QUAD is the strategic grouping of four major democratic powerful nations, the US, Japan, Australia, and India, formed and promoted to ensure security in and around the Indo-Pacific region. The four countries held their first historic virtual meeting on the 13th of March 2021 to formally give a concrete shape to what the new Biden Administration aspires to carry forward in Indo-Pacific against China. After their meeting the statement issued by US National Security Advisor Jake Sullivan from the white house said:
“This is our effort to communicate clearly to the Chinese government how the United States intends to proceed at a strategic level, what we believe our fundamental interests and values are, and what our concerns with their activities are - whether it's on Hong Kong, or Xinjiang, or in the Taiwan Strait - or, frankly, the issues that we heard today from our Quad partners: their coercion of Australia, their harassment around the Senkaku Islands, their aggression on the border with India,"
It was also said that the four countries are meeting in person after some time to discuss and develop more moves to respond to China's assertion. The fundamental focus is on ensuring free and open Indo-Pacific, for commerce and other transactions. The meeting was held under the backdrop of border clashes between India and China in Eastern Ladakh which was going on since May 2020, though after a long deliberation the two sides decided to disengage by calling armies back in February this year but tensions are still lurking around. These clashes took about 20 lives of Indian soldiers and some 4 on the other side as per their official sources, which are the bloodiest since the 1962 Sino-Indian War. This offensive action of China if looked at from the realist lens does confirm the hegemonic tendencies in her behavior.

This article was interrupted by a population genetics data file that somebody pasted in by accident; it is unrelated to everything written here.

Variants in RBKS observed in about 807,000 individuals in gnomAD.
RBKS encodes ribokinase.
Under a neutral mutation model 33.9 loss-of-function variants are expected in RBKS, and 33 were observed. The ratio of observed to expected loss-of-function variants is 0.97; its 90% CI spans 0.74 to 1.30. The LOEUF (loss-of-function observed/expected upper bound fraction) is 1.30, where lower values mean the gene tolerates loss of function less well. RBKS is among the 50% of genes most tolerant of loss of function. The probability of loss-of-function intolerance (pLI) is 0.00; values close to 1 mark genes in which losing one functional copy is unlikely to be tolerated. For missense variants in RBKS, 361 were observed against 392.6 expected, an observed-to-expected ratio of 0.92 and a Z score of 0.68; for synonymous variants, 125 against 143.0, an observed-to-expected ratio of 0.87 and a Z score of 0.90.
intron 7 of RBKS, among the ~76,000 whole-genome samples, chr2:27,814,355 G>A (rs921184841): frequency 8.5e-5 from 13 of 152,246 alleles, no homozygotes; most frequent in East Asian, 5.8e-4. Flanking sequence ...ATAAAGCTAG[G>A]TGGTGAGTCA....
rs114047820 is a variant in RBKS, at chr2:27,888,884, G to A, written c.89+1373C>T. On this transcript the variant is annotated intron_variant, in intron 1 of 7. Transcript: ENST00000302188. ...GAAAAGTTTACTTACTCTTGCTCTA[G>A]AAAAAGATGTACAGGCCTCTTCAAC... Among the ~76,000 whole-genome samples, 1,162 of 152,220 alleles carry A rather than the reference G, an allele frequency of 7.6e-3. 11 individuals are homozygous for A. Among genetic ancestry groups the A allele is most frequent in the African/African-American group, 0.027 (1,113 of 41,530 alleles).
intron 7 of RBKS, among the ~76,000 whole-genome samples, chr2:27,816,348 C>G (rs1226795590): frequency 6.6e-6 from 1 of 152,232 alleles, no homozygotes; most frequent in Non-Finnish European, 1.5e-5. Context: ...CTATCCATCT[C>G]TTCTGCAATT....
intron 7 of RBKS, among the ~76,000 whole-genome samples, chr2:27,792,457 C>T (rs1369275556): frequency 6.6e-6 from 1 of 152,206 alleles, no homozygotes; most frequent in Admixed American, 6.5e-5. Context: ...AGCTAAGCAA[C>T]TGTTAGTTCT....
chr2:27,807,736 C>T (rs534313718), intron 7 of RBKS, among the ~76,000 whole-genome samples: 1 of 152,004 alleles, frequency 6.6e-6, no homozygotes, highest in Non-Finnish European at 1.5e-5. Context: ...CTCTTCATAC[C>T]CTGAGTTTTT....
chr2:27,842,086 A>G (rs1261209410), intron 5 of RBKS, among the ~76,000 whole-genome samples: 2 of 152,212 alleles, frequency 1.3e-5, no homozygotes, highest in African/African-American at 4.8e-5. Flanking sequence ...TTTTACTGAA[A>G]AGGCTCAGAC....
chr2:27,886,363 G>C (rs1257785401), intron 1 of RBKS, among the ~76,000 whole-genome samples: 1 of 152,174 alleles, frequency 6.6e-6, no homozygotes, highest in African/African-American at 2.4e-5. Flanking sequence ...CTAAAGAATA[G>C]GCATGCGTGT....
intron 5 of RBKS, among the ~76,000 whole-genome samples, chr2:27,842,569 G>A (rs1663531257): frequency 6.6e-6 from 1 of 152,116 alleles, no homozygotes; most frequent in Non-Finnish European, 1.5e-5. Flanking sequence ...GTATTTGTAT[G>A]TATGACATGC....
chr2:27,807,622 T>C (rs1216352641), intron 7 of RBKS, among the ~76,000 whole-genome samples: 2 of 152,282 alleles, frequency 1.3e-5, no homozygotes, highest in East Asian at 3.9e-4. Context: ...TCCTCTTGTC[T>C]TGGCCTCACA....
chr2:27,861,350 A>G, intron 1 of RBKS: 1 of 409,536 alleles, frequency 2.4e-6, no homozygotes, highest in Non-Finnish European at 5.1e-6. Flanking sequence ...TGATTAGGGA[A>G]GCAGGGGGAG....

This QUAD grouping is facing a direct challenge from China, which regards it, an Asian NATO, a small geopolitical clique, an exclusivist design to contain her pace of rising in Asia. Beijing is accordingly reorienting her foreign policy from ‘nonintervention to open intervention’ in countries of Asia over time. Its counter moves will unfold with the passage of time. One of the recent examples in this direction is direct ‘warning’ to Bangladesh on its soil by a Chinese ambassador that joining QUAD will cause ‘significant damage’ to Dhaka. Although Dhaka denied any invitation from QUAD members for joining it. This can be taken as a ‘beginning call’ by this Asian giant that will spill over to other South Asian and ASEAN countries. China is apprehensive that Bangladesh will help the USA and India to sabotage the BRI initiatives by helping in carrying forward the formers’ ‘Indo-Pacific Strategy’ as outlined in 2016. Beijing is also conscious of the deepening Tokyo-Dhaka relationship over time. Beijing finds Tokyo, one of the perennial rivals in her backyard to hurt her interests which they both have in constructing ports in Bangladesh. Beijing also views QUAD as an exclusive grouping devoid of accepting UN rules to carry forward the US’s strategic and hegemonic goals in the Indo-Pacific at the disadvantage of smaller countries around China, including Bangladesh.